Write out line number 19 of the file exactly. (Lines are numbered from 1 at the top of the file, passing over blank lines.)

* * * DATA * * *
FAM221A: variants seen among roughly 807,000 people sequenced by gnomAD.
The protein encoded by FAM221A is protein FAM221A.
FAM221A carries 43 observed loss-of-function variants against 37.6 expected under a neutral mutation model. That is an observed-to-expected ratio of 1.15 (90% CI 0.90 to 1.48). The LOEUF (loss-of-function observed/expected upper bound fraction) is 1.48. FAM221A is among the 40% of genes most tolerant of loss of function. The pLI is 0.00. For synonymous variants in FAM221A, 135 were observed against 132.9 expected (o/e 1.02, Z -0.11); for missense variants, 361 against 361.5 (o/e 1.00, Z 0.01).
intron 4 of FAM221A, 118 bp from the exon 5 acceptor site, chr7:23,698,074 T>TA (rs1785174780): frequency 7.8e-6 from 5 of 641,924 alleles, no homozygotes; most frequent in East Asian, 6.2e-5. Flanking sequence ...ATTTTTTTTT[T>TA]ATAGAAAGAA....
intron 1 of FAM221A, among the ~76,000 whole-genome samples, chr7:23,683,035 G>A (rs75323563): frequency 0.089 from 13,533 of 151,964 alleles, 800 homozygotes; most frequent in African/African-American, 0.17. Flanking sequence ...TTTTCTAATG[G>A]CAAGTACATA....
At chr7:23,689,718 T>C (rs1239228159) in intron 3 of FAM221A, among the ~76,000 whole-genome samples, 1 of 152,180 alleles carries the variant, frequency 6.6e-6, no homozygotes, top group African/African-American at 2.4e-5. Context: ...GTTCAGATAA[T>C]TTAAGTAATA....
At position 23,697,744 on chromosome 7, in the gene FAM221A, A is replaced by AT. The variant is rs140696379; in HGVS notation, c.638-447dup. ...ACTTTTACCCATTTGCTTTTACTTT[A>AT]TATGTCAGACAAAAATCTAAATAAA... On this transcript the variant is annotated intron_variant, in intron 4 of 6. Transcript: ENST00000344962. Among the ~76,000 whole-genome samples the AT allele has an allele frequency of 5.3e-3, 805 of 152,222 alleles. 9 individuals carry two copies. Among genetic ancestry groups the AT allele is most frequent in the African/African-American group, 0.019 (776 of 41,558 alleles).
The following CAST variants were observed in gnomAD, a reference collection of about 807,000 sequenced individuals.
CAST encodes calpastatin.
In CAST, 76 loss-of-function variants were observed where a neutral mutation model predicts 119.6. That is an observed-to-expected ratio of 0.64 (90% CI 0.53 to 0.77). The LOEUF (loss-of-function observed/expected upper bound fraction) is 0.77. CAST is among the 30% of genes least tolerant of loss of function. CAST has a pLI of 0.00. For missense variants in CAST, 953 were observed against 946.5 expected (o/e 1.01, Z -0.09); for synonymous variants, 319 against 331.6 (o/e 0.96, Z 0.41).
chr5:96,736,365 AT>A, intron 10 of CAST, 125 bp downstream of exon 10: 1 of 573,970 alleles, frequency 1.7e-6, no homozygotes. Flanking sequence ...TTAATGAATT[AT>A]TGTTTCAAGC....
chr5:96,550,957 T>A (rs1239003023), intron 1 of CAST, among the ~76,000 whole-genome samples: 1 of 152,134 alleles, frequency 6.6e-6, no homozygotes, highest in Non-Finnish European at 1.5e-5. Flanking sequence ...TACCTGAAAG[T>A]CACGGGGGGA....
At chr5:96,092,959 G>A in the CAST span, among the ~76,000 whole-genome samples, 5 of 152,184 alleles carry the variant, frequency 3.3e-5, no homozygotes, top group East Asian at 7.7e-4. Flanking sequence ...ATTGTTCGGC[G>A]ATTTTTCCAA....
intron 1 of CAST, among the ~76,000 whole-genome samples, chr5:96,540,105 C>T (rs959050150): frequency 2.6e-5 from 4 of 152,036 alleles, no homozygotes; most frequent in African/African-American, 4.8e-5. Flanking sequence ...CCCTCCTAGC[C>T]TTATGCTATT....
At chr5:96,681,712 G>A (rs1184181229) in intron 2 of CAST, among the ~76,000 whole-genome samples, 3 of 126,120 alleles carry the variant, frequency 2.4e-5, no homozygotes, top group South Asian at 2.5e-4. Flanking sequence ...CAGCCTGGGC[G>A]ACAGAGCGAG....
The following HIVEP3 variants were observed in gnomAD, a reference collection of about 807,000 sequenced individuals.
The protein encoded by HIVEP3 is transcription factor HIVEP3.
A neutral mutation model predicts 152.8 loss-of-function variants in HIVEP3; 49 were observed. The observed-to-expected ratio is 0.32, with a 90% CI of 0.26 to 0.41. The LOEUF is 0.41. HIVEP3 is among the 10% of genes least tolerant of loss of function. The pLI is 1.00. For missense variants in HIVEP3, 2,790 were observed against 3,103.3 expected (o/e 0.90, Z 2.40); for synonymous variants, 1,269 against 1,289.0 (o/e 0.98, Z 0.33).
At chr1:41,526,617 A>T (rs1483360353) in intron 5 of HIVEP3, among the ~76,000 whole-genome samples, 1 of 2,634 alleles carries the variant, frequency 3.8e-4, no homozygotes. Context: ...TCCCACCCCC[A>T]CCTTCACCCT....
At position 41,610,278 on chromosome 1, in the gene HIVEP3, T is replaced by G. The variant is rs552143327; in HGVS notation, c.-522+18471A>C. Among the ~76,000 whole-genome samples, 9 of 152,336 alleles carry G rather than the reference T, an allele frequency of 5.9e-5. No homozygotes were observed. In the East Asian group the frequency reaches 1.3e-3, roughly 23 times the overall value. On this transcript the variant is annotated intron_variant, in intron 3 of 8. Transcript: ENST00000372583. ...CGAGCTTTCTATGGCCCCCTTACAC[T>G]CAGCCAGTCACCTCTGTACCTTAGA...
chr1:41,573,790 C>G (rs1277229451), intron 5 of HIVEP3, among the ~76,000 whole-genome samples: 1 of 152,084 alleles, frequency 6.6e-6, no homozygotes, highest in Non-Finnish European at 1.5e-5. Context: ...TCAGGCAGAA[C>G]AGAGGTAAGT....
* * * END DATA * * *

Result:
At chr1:41,526,617 A>T (rs1483360353) in intron 5 of HIVEP3, among the ~76,000 whole-genome samples, 1 of 2,634 alleles carries the variant, frequency 3.8e-4, no homozygotes. Context: ...TCCCACCCCC[A>T]CCTTCACCCT....